By Justin Juozapavicius & Michelle Roberts, Associated Press Writers
SAN ANTONIO (AP) — When Amanda Vaca's husband lost his job, the couple took stock of their finances and drew a startling conclusion: They could not afford to feed their four young children.
So Vaca filled out an application for food stamps. Then, the wait began. A month passed, then two. In some weeks, the food simply ran out.
"There was several occasions where I didn't have breakfast to cook them or all there was was noodles," said Vaca, a customer-service representative in Fort Worth who got laid off shortly after her husband. They waited three months for assistance.
The recession has landed millions of hungry families in similar straits, forcing them to endure long waits for help buying basic groceries. A review by The Associated Press found that dozens of food-stamp programs in 39 states left at least a quarter of applicants waiting weeks or months for food aid, some in areas that were not particularly hard hit by the economic downturn.
Federal law requires applications for food stamps to be reviewed within 30 days of being filed, and even faster for the poorest families. Failure to do so can subject agencies to federal sanctions and lawsuits, but individual families are largely at the mercy of their local administrators.
Among the excuses for the delays were overburdened bureaucracies, staff shortages or program rules. But that makes little difference to parents with hungry children.
"It got to that point where there was nothing. It was scary. It was very, very stressful," Vaca said. "We went to churches to get food, food banks or whatever. I was always searching for places to get food."
In fiscal 2009, Texas left about a third of its applicants waiting more than 30 days for food assistance, the worst among states examined by the AP, even though Texas was spared the brunt of the recession.
In Rhode Island, nearly a quarter of new applications were delayed. In Florida, Colorado and Nevada, about one-fifth of applications were processed late.
In the months since those problems arose, some agencies have improved their processing systems, but application delays persist in many places.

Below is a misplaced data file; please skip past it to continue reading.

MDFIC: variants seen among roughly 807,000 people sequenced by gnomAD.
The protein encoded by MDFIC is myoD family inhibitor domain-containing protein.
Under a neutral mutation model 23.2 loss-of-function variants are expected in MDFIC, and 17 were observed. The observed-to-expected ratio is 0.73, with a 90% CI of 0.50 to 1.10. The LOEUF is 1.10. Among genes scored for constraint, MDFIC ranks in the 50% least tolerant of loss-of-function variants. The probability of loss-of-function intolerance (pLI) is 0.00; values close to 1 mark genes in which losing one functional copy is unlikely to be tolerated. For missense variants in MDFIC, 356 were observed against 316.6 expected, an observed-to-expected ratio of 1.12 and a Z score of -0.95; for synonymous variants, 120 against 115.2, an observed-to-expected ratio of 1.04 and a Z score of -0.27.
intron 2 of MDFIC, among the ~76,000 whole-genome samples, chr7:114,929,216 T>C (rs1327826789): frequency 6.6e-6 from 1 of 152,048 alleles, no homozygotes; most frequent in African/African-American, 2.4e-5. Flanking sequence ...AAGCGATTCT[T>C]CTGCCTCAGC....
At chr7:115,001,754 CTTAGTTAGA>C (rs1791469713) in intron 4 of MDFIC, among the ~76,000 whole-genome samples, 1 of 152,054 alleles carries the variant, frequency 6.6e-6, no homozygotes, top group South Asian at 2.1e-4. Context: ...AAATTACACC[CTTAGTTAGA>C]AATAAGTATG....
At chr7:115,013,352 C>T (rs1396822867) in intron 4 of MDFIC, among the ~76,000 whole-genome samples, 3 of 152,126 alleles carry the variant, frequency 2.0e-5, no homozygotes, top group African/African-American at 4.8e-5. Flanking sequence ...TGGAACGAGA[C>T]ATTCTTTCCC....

Vaca spent days pleading by phone and in person for someone to look at her application. At one point, a frazzled office manager took her to a back room to show her piles of unprocessed applications. Her family eventually was approved for food stamps and received retroactive benefits for the months they were waiting.
A record 40 million people — one in eight Americans — now rely on Supplemental Nutrition Assistance, the official name of the modern food stamp program, which began in 1961. The number of participating households increased by one-fifth in fiscal 2009, and many states' food-stamp rolls grew by a third or more.
"Never in our lifetimes have these programs been so urgently needed," said Kevin Cancannon, undersecretary of the Department of Agriculture, which oversees food stamps.
The government uses a complicated formula for determining eligibility, but a family of four must earn less than $2,389 per month. The federal government funds the full cost of benefits and half the administrative costs, a total of $53.77 billion in fiscal 2009. The average monthly payout is $275 per household.
Food stamp payments work much like a debit card at grocery stores and some farmers' markets. The money is good for groceries such as produce, meat, dairy and bread products, along with snack foods and nonalcoholic drinks. The money cannot be used for alcohol or household goods like toilet paper or pet food.
State and local governments, though they pay only a small percentage of the overall program costs, administer the aid and are allowed to add extra eligibility requirements. Some have added things like fingerprints or notarized documents as fraud-prevention measures, though the effectiveness of such requirements has been debated.
Cancannon said some of those rules create additional hurdles that needlessly slow aid to needy families.
To look at the effect of the recession on the program, the AP gathered monthly numbers of new applications processed and those that took longer than 30 days from every county or region within each state for fiscal year 2009, the first full fiscal year of the recession.